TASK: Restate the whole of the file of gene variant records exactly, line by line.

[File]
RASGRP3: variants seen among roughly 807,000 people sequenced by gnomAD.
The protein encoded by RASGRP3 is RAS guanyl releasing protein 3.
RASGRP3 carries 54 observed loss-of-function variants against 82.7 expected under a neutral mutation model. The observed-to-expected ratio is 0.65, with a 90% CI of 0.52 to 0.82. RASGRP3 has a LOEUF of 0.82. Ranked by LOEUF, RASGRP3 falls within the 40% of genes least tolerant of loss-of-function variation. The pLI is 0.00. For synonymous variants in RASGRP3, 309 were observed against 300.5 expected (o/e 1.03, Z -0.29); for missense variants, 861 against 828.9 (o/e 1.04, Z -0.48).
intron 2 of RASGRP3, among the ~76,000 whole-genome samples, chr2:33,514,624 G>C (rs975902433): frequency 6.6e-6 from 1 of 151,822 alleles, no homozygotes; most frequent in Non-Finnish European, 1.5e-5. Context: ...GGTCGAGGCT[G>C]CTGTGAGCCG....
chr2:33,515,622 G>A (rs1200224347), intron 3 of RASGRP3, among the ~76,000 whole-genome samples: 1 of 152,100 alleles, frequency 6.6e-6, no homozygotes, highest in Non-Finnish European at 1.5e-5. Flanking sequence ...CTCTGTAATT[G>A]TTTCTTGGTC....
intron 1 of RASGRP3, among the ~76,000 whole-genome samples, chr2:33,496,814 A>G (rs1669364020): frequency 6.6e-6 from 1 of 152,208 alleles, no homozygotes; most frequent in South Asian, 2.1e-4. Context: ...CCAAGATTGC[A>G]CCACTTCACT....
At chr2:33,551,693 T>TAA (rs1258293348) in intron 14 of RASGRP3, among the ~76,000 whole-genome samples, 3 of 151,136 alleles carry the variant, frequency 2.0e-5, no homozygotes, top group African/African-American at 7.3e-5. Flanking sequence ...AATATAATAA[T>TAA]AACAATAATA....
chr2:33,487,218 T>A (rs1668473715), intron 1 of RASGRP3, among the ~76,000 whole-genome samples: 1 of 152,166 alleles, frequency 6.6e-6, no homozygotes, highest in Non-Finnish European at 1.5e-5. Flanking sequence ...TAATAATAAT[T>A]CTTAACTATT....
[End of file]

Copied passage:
RASGRP3: variants seen among roughly 807,000 people sequenced by gnomAD.
The protein encoded by RASGRP3 is RAS guanyl releasing protein 3.
RASGRP3 carries 54 observed loss-of-function variants against 82.7 expected under a neutral mutation model. The observed-to-expected ratio is 0.65, with a 90% CI of 0.52 to 0.82. RASGRP3 has a LOEUF of 0.82. Ranked by LOEUF, RASGRP3 falls within the 40% of genes least tolerant of loss-of-function variation. The pLI is 0.00. For synonymous variants in RASGRP3, 309 were observed against 300.5 expected (o/e 1.03, Z -0.29); for missense variants, 861 against 828.9 (o/e 1.04, Z -0.48).
intron 2 of RASGRP3, among the ~76,000 whole-genome samples, chr2:33,514,624 G>C (rs975902433): frequency 6.6e-6 from 1 of 151,822 alleles, no homozygotes; most frequent in Non-Finnish European, 1.5e-5. Context: ...GGTCGAGGCT[G>C]CTGTGAGCCG....
chr2:33,515,622 G>A (rs1200224347), intron 3 of RASGRP3, among the ~76,000 whole-genome samples: 1 of 152,100 alleles, frequency 6.6e-6, no homozygotes, highest in Non-Finnish European at 1.5e-5. Flanking sequence ...CTCTGTAATT[G>A]TTTCTTGGTC....
intron 1 of RASGRP3, among the ~76,000 whole-genome samples, chr2:33,496,814 A>G (rs1669364020): frequency 6.6e-6 from 1 of 152,208 alleles, no homozygotes; most frequent in South Asian, 2.1e-4. Context: ...CCAAGATTGC[A>G]CCACTTCACT....
At chr2:33,551,693 T>TAA (rs1258293348) in intron 14 of RASGRP3, among the ~76,000 whole-genome samples, 3 of 151,136 alleles carry the variant, frequency 2.0e-5, no homozygotes, top group African/African-American at 7.3e-5. Flanking sequence ...AATATAATAA[T>TAA]AACAATAATA....
chr2:33,487,218 T>A (rs1668473715), intron 1 of RASGRP3, among the ~76,000 whole-genome samples: 1 of 152,166 alleles, frequency 6.6e-6, no homozygotes, highest in Non-Finnish European at 1.5e-5. Flanking sequence ...TAATAATAAT[T>A]CTTAACTATT....